Many of the pages including Charles Lwanga and Kizito chose their faith.  There were fifteen in the group who were bound and made to walk two days to Namugongo where they would be killed.  One of the Christians, Matthias Kalemba, was martyred enroute.

Upon reaching Namugongo, Charles Lwanga was the first to be burned at the stake.  The following is a moving excerpt taken from the Catholic News agency:

The executioners slowly burnt his feet until only the charred remained.  Still alive, they promised him that they would let him go if he renounced his faith.  He refused saying, “You are burning me, but it is as if you are pouring water over my body.”  He then continued to pray silently as they set him on fire.

The other pages were burned alive together.  As they were being executed, their faith remained strong until the end, as they prayed and sang hymns.

The death of these martyrs had quite the opposite effect the Kabaka intended. Many witnessing the horrific deaths of these amazing young men who gave their young lives so willingly for their faith asked to be baptized.

* This description of  Bugandan kinship structure may be unfamiliar to you if you grew up in the United States. Kizito’s birth father was Lukomera of the Lungfish (Mamba) Clan, and his mother, who bore Lukomera nine children before she deserted him and died, was Wanga¬bira of the Civet-cat (Ffumbe) Clan. Nyika, or Nyikomuyonga, Guardian of Mwanga’s umbilical cord, often said to be the father of Kizito, was his father by adoption only. The relationship arose from a blood-pact between Nyika’s father Kiggwe and a member of the Lungfish Clan named Mitalekoya. Kiggwe, a descendent of Kabaka (King) Kateregga and a member of the Leopard (Ngo) Clan, was county chief of Ggomba when he made this alliance. Later he incurred the royal displeasure, was deprived of his office and possessions and became virtually an outlaw, because he was out of favor with the Kabaka. In this time of adversity, the blood-pact stood him in good stead. Because of it, the Lungfish Clan gave him and his family asylum and aid, and Mitalekoya became a second father to his son Nyika.

More

Uganda martyrs: Tracing the roots of St. Kizito

Mwanga – the king who killed the Uganda martyrs

What do we do with this?

The church in Uganda remains attentive to sexuality. That seems predictable, since some of its foundation is resistance to sexual predators. Most contexts prove dangerous for Christians, if not everyone. What is prowling around like a lion, as Peter sees it, trying to devour your heart and soul?

The main pressure the King of Buganda felt in the time of Kizito was from colonizers. The French Catholics and English Anglicans were in league with their respective country’s rush to “protect” areas of Africa. Muslim traders were eager to have fortified trading posts and a beachhead for Islam. Evangelism coupled with colonization is one of the stains on Christian history. Like Joseph told his brothers, “You meant it for evil but God used it for good.” Africa is now the continent with the most Christians. Have you experienced or done anything evil that God used for good? Praise God for the goodness, and consider what justice and forgiveness mean to you.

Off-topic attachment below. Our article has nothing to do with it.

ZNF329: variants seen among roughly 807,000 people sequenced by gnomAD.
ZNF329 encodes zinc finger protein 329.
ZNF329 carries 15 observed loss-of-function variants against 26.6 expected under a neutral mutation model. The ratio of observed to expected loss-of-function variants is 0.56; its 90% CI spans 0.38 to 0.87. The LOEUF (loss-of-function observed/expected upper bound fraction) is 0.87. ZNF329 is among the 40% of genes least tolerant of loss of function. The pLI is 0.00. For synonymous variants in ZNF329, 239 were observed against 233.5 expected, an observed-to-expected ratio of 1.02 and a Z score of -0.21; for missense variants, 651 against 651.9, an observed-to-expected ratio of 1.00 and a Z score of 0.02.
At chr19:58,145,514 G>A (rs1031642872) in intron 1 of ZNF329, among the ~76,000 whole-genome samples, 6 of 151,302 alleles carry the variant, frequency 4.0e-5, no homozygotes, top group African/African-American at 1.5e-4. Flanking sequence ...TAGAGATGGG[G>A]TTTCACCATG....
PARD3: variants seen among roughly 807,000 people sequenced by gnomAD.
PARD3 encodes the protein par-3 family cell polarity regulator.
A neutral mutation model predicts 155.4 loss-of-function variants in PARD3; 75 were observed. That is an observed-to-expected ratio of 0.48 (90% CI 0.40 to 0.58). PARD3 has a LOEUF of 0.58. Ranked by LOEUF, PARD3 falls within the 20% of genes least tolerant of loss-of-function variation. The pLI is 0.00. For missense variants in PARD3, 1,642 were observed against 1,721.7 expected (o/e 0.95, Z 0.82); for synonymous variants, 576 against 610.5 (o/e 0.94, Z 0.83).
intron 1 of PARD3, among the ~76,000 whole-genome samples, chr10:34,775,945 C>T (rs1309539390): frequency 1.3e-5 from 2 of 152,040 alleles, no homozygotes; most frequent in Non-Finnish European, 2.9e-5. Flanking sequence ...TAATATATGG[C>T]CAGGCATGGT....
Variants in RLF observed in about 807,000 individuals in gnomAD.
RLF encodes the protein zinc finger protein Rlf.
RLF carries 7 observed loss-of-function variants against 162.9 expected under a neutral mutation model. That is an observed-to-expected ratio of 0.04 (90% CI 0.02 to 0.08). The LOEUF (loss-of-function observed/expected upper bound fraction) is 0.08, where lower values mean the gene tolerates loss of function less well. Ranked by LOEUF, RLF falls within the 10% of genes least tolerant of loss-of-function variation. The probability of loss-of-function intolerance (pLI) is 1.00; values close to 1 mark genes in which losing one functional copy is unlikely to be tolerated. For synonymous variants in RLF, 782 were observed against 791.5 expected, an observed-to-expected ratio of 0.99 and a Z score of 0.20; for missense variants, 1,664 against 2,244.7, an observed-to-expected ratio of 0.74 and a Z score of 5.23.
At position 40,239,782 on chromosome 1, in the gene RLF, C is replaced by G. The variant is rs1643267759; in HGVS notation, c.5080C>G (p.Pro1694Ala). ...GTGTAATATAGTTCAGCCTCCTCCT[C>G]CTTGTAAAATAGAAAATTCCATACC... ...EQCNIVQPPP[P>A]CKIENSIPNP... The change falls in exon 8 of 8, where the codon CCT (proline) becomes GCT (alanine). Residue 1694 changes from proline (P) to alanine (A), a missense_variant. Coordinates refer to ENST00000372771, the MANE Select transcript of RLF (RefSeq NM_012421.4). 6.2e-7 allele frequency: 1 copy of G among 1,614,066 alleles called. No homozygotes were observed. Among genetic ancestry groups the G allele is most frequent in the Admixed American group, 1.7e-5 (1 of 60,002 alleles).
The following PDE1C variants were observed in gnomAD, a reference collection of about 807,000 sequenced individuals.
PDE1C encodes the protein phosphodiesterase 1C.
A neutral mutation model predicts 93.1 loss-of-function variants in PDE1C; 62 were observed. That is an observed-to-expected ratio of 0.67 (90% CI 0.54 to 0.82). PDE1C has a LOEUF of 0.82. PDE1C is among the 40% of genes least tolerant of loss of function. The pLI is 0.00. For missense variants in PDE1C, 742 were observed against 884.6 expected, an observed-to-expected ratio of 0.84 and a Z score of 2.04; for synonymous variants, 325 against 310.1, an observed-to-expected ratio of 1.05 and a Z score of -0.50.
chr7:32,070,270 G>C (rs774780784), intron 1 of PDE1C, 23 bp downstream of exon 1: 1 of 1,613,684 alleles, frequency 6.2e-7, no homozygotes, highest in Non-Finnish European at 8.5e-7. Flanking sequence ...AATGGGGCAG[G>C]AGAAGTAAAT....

Nikolaus Zinzendorf  — May 9

Bible connection

Read Isaiah 58

Free those who are wrongly imprisoned;
lighten the burden of those who work for you.
Let the oppressed go free,
and remove the chains that bind people.
 Share your food with the hungry,
and give shelter to the homeless.
Give clothes to those who need them,
and do not hide from relatives who need your help.

All about Nicolaus Zinzendorf (1700-1760)

Nicholas Ludwig, Count Zinzendorf, was born in Dresden in 1700. He was deeply involved in the Pietist movement in Germany, which emphasized personal devotion and the emotional component of life in Christ. This was in contrast to the state Lutheran Church of the day, which had grown to symbolize a largely intellectual faith centered on belief in specific doctrines. He believed in “heart religion,” a personal salvation built on the individual’s spiritual relationship with Christ.

In 2000, German Moravians created a trail of sculptures commemorating the 300th birthday of Zinzendorf. This one features the Count with children, whom he believed modeled the kind of faith we are to have. The gray figures behind represent the rigidness of those leading the old church. Photo taken in Großhennersdorf, Herrnhut, Germany.

Zinzendorf was born into one of the most noble families of Europe. His father died when he was an infant, and he was raised by his Pietist pioneer grandmother, Henrietta Catherina, Baroness von Gersdorff, at her castle Gros Hennersdorf. There are many stories about his deep faith during childhood. As a young man he struggled with his desire to study for the ministry and the expectation that he would fulfill his hereditary role as a Count. As a teenager at Halle Academy, he and several other young nobles formed a secret society, The Order of the Grain of Mustard Seed. The stated purpose of this order was that the members would use their position and influence to spread the Gospel. As an adult, Zinzendorf later reactivated this adolescent society, and many influential leaders of Europe ended up joining the group. Their number included the King of Denmark, the Archbishop of Canterbury, and the Archbishop of Paris.